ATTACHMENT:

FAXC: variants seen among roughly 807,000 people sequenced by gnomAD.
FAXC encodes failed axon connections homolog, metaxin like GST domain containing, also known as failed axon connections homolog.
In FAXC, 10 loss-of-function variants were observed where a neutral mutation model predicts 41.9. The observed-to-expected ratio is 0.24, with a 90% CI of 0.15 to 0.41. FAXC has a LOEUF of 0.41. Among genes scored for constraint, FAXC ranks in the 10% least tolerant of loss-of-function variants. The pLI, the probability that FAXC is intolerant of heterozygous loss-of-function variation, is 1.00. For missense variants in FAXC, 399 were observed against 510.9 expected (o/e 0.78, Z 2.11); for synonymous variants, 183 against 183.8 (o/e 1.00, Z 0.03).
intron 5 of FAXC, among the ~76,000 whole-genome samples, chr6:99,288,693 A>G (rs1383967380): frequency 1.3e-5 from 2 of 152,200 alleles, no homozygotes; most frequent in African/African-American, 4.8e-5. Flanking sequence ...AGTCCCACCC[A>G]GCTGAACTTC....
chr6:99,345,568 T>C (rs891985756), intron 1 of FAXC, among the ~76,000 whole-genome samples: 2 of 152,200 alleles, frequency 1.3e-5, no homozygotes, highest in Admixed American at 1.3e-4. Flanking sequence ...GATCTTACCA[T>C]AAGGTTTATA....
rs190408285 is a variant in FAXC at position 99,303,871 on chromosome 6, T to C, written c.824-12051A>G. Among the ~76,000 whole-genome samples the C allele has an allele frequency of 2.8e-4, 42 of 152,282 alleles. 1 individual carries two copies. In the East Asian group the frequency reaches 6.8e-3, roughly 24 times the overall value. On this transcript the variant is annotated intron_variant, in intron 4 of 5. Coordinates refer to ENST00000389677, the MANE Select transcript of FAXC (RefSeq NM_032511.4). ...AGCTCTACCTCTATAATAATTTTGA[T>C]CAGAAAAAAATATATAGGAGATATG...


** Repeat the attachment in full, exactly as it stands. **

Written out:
FAXC: variants seen among roughly 807,000 people sequenced by gnomAD.
FAXC encodes failed axon connections homolog, metaxin like GST domain containing, also known as failed axon connections homolog.
In FAXC, 10 loss-of-function variants were observed where a neutral mutation model predicts 41.9. The observed-to-expected ratio is 0.24, with a 90% CI of 0.15 to 0.41. FAXC has a LOEUF of 0.41. Among genes scored for constraint, FAXC ranks in the 10% least tolerant of loss-of-function variants. The pLI, the probability that FAXC is intolerant of heterozygous loss-of-function variation, is 1.00. For missense variants in FAXC, 399 were observed against 510.9 expected (o/e 0.78, Z 2.11); for synonymous variants, 183 against 183.8 (o/e 1.00, Z 0.03).
intron 5 of FAXC, among the ~76,000 whole-genome samples, chr6:99,288,693 A>G (rs1383967380): frequency 1.3e-5 from 2 of 152,200 alleles, no homozygotes; most frequent in African/African-American, 4.8e-5. Flanking sequence ...AGTCCCACCC[A>G]GCTGAACTTC....
chr6:99,345,568 T>C (rs891985756), intron 1 of FAXC, among the ~76,000 whole-genome samples: 2 of 152,200 alleles, frequency 1.3e-5, no homozygotes, highest in Admixed American at 1.3e-4. Flanking sequence ...GATCTTACCA[T>C]AAGGTTTATA....
rs190408285 is a variant in FAXC at position 99,303,871 on chromosome 6, T to C, written c.824-12051A>G. Among the ~76,000 whole-genome samples the C allele has an allele frequency of 2.8e-4, 42 of 152,282 alleles. 1 individual carries two copies. In the East Asian group the frequency reaches 6.8e-3, roughly 24 times the overall value. On this transcript the variant is annotated intron_variant, in intron 4 of 5. Coordinates refer to ENST00000389677, the MANE Select transcript of FAXC (RefSeq NM_032511.4). ...AGCTCTACCTCTATAATAATTTTGA[T>C]CAGAAAAAAATATATAGGAGATATG...